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Wednesday, October 24, 2007

Wolfgang Tillmans Strikes Again

Aaron Rose—who, over a decade ago, founded Alleged Gallery, the legendary little storefront gallery in the Lower East Side that had a pivotal role in shaping the careers of Terry Richardson, Ed Templeton, Barry McGee and other street-inspired outcast artists, and who now works as an independent curator when he's not editing books like Young, Sleek, and Full of Hell (Drago)—gives us his take on the new Wolfgang Tillmans solo show...

Last Friday night I was fortunate enough to attend the opening of Wolfgang Tillmans new show at Andrea Rosen gallery. If you've never heard of Tillmans, he made his name in the early 1990s with his snapshot-style photojournalism for magazines like i-D in London. Well, he's come a long way since then and though he still contributes to magazines, he's now considered one of the most important contemporary photographers out there.

What I love most about his work is that even though he's been at it for twenty years or something, he hasn't lost his edge. I could see at the opening that he was just as excited about this installation as he must have been back in the day. There's a playfulness in his technique that shows that he continues to experiment even though he doesn't really have to anymore. I guess my best description of what I felt at the show would be that it looks like he's having fun with photography. Like a child.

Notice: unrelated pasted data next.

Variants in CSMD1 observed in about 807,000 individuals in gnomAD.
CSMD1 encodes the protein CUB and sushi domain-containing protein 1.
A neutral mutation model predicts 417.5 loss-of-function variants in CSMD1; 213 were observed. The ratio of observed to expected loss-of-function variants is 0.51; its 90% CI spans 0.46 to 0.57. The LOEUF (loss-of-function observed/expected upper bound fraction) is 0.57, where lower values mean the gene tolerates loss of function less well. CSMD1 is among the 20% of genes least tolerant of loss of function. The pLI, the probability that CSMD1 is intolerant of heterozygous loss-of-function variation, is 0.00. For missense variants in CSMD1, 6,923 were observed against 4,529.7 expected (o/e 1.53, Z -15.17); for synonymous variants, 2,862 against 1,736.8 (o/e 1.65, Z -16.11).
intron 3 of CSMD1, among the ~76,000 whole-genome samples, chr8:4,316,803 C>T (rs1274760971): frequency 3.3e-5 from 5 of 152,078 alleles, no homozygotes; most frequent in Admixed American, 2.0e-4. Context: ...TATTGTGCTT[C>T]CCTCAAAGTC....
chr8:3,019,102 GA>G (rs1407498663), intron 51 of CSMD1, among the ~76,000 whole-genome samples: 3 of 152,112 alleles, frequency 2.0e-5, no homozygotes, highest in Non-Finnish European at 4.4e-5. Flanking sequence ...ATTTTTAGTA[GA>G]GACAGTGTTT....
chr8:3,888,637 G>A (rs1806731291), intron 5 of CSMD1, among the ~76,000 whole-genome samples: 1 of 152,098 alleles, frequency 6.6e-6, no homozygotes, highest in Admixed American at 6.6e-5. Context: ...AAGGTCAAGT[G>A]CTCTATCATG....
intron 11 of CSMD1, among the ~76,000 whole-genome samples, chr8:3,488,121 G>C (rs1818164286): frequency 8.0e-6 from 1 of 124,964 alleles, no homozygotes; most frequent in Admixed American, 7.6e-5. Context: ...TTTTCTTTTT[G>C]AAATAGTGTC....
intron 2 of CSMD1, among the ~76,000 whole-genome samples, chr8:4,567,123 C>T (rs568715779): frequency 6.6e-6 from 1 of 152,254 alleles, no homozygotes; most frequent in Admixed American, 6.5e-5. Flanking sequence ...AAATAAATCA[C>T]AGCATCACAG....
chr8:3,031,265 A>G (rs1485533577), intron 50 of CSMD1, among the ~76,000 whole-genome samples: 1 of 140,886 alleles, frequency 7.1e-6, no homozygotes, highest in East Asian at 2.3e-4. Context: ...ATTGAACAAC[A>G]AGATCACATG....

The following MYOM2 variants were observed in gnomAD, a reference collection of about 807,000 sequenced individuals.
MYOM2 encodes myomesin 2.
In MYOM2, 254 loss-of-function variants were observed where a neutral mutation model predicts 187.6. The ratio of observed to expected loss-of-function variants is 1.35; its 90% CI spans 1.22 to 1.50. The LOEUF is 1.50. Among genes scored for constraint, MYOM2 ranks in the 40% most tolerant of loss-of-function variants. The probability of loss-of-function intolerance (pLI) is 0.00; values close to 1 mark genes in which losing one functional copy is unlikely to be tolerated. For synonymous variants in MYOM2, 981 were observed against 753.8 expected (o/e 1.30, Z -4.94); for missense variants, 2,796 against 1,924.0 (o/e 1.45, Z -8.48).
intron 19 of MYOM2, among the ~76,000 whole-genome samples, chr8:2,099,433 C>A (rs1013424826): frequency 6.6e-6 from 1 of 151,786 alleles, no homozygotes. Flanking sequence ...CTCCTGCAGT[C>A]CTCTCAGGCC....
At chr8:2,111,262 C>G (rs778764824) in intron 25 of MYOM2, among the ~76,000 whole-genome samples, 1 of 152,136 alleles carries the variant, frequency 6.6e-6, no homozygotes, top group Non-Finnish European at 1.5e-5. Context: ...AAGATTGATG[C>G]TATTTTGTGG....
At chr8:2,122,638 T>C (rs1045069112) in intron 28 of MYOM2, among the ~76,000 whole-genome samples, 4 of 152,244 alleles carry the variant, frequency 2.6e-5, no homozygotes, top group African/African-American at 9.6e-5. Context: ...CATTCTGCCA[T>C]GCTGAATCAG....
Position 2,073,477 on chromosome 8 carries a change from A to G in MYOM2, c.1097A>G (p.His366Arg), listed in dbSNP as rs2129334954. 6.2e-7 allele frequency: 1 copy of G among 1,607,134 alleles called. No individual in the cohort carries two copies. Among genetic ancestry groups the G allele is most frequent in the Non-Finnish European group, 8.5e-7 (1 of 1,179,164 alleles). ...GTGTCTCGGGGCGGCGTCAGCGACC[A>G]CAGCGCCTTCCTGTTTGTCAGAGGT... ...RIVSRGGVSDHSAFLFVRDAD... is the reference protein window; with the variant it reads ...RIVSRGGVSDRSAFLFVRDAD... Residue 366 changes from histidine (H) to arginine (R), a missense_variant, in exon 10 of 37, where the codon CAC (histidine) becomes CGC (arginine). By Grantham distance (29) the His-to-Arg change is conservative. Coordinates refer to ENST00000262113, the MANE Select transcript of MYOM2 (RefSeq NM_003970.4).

Even more importantly, for the last few exhibitions of his I've seen, he's set up wooden vitrines throughout the gallery filled with ephemera. Some of it is photographic, but most of it is political, dealing with American imperialism, the war in Iraq, the AIDS crisis and a host of other important issues that many contemporary artists (for some reason) tend to ignore of late. It's super refreshing to see an artist doing his job. Not just by creating visually inspiring work, but by making people aware of the world around them and how each and every one of us has a role in making it a better place.

Wolfgang Tillmans, Through November 24th, Andrea Rosen Gallery, 525 West 24th Street, NY, NY 10011